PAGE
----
And as far as slavery itself is concerned, four verses later, Paul reminds Christians how they should treat people that they have authority over:

Masters, provide your slaves with what is right and fair, because you know that you also have a Master in heaven.

  • 8
    I don't know, it sounds to me like "those in positions of authority have been placed there by God" is an explicit condoning of the kind of relationship that atheists are complaining about in which one person is "in their place" being meek and submissive to the will of another. What I'm not sure is why they are all surprised by this, given that Christianity is at its core largely about being meek and submissive to (at least) God. Furthermore, the statement "those in positions of authority have been placed there by God" is probably an accurate reflection of a commonly held belief at that time
    – Andy
    Commented May 27 at 13:42
  • 3
    This is a cautionary tale on how anything, if taken out of the greater context, can have any meaning the interpreter wishes for. Let's not forget that this is a historical text. A thorough interpretation is necessary to understand how these teachings apply to our reality today. Nobody in their sane mind would say that we need to hammer thieves to crosses today because the Bible said it has, empirically, 50% odds of redeeming them. Commented May 27 at 16:54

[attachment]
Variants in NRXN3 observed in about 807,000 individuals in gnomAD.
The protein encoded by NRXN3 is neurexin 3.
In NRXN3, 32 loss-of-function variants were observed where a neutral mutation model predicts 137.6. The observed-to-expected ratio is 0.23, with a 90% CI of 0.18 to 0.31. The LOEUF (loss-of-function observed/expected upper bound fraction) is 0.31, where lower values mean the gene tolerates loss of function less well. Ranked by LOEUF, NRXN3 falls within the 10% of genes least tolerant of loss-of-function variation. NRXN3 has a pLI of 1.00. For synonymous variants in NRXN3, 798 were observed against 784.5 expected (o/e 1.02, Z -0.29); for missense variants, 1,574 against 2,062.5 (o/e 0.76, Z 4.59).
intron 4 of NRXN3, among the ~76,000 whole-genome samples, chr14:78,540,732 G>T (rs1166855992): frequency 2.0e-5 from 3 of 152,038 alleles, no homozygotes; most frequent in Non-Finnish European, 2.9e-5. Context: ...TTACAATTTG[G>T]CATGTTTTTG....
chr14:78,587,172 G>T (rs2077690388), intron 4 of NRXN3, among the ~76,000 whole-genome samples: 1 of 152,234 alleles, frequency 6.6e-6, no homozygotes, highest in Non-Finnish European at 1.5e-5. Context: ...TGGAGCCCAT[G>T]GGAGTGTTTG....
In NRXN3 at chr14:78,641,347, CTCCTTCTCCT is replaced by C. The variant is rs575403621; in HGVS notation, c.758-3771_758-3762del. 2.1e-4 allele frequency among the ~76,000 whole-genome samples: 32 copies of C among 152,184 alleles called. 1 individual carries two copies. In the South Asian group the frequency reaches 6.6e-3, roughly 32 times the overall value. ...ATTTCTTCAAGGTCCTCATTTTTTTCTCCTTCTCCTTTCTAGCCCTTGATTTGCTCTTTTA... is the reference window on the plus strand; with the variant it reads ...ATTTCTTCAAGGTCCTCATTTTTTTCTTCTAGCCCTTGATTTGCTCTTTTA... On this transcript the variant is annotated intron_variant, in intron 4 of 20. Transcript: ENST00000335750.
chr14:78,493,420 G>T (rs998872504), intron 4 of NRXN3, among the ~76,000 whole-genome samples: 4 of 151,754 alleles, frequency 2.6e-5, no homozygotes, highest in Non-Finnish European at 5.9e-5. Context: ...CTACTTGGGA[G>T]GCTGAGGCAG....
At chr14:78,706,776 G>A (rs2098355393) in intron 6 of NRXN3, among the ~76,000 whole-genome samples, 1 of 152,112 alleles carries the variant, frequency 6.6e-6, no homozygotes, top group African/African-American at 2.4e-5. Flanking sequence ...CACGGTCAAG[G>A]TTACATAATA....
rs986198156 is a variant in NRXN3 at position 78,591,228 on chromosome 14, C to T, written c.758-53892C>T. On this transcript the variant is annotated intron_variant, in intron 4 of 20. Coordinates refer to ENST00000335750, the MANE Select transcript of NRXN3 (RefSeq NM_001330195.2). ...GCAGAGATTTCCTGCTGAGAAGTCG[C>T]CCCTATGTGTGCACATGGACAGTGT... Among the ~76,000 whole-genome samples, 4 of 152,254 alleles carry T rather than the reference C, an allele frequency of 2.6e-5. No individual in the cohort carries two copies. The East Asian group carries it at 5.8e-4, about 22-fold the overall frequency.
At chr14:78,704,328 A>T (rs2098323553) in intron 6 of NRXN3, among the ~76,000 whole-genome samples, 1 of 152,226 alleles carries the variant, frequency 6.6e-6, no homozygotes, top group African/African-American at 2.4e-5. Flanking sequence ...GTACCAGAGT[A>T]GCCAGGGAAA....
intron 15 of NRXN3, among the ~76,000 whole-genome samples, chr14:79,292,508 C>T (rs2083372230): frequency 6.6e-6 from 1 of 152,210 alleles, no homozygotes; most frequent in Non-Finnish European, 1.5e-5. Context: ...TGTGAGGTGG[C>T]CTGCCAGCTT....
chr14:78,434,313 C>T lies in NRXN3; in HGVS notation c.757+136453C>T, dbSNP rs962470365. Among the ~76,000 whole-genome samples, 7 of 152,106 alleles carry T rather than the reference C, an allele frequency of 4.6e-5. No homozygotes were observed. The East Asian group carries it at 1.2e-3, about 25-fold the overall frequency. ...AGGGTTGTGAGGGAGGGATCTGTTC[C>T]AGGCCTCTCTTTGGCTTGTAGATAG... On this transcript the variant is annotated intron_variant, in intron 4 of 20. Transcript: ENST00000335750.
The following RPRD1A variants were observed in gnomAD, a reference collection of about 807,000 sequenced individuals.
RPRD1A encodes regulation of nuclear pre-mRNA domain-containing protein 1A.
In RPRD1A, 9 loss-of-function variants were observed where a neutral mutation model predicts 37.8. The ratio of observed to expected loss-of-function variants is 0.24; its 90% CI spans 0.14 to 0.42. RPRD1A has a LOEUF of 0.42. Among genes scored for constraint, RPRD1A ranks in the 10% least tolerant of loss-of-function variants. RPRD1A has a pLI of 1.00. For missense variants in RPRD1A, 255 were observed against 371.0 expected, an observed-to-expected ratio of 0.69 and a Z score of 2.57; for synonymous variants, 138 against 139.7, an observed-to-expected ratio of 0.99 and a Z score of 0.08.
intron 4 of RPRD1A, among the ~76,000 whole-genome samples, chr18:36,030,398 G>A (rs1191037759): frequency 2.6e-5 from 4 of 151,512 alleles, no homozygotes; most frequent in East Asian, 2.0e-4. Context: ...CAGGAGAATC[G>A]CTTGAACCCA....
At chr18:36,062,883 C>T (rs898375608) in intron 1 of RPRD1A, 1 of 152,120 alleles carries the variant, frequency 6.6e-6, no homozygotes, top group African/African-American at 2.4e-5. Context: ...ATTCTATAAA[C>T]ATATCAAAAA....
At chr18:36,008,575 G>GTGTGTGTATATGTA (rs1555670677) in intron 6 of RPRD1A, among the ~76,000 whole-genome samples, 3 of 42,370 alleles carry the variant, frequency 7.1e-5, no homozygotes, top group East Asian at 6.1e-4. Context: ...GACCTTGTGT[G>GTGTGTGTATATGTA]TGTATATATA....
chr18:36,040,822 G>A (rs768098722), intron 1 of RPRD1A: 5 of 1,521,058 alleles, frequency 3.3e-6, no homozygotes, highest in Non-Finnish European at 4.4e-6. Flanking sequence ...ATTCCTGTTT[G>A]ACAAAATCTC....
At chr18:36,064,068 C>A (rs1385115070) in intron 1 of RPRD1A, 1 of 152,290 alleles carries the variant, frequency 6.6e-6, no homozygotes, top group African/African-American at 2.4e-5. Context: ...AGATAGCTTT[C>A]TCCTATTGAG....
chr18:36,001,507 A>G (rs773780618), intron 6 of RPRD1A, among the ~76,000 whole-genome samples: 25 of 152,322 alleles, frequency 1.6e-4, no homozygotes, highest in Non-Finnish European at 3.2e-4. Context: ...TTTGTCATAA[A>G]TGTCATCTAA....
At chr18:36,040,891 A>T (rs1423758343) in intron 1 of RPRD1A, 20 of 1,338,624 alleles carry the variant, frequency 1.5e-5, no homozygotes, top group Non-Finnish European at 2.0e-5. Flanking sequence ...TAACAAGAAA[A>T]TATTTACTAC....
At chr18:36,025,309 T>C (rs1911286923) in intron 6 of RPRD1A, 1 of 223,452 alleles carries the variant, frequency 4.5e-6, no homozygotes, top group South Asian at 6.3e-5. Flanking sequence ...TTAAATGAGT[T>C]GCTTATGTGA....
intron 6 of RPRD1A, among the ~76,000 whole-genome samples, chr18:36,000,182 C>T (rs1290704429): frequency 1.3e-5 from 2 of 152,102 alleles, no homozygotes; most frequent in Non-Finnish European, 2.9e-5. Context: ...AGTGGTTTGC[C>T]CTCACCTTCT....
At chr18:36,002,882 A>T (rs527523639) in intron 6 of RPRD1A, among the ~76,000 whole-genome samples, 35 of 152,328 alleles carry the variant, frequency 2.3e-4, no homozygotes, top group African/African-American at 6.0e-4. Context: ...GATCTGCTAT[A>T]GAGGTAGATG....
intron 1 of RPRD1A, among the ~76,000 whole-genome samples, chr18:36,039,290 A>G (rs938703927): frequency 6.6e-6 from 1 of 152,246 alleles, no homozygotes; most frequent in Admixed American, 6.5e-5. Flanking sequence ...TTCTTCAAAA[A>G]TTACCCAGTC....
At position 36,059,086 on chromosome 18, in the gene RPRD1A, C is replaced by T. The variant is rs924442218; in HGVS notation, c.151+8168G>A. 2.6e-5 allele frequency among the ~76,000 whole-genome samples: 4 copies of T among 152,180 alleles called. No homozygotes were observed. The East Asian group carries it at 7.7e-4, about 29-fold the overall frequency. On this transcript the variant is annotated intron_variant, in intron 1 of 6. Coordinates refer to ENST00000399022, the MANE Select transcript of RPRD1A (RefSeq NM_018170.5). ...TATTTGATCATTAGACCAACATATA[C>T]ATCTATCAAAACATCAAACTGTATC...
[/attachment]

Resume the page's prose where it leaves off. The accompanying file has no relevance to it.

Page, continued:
• 1
    This argument is not very persuasive. In fact, if I had to convince a jury of my peers that the Bible does condone slavery, I would come to this answer and to get the citations, and add a dictionary definition of "condone": "to regard or treat (something bad or blameworthy) as acceptable, forgivable, or harmless" (Merriam-Webster) and say these references show that slavery is/was considered acceptable and forgivable. Commented May 28 at 13:09